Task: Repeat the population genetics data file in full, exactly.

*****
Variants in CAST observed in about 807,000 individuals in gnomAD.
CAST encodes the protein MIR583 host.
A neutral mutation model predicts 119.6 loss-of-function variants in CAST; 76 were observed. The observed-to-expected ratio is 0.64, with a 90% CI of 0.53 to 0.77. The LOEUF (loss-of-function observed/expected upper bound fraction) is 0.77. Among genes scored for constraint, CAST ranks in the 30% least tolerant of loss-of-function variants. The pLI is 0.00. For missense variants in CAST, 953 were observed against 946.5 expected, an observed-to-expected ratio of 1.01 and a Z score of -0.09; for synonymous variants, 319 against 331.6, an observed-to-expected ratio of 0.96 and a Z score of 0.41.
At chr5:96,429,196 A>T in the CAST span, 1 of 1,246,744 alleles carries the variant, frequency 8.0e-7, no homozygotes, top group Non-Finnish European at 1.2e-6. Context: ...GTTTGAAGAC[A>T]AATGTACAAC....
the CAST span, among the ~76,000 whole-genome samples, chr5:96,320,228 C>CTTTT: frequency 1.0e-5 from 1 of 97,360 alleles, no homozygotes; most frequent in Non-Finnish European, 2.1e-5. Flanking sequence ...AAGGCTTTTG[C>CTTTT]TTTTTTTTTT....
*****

Variants in CAST observed in about 807,000 individuals in gnomAD.
CAST encodes the protein MIR583 host.
A neutral mutation model predicts 119.6 loss-of-function variants in CAST; 76 were observed. The observed-to-expected ratio is 0.64, with a 90% CI of 0.53 to 0.77. The LOEUF (loss-of-function observed/expected upper bound fraction) is 0.77. Among genes scored for constraint, CAST ranks in the 30% least tolerant of loss-of-function variants. The pLI is 0.00. For missense variants in CAST, 953 were observed against 946.5 expected, an observed-to-expected ratio of 1.01 and a Z score of -0.09; for synonymous variants, 319 against 331.6, an observed-to-expected ratio of 0.96 and a Z score of 0.41.
At chr5:96,429,196 A>T in the CAST span, 1 of 1,246,744 alleles carries the variant, frequency 8.0e-7, no homozygotes, top group Non-Finnish European at 1.2e-6. Context: ...GTTTGAAGAC[A>T]AATGTACAAC....
the CAST span, among the ~76,000 whole-genome samples, chr5:96,320,228 C>CTTTT: frequency 1.0e-5 from 1 of 97,360 alleles, no homozygotes; most frequent in Non-Finnish European, 2.1e-5. Flanking sequence ...AAGGCTTTTG[C>CTTTT]TTTTTTTTTT....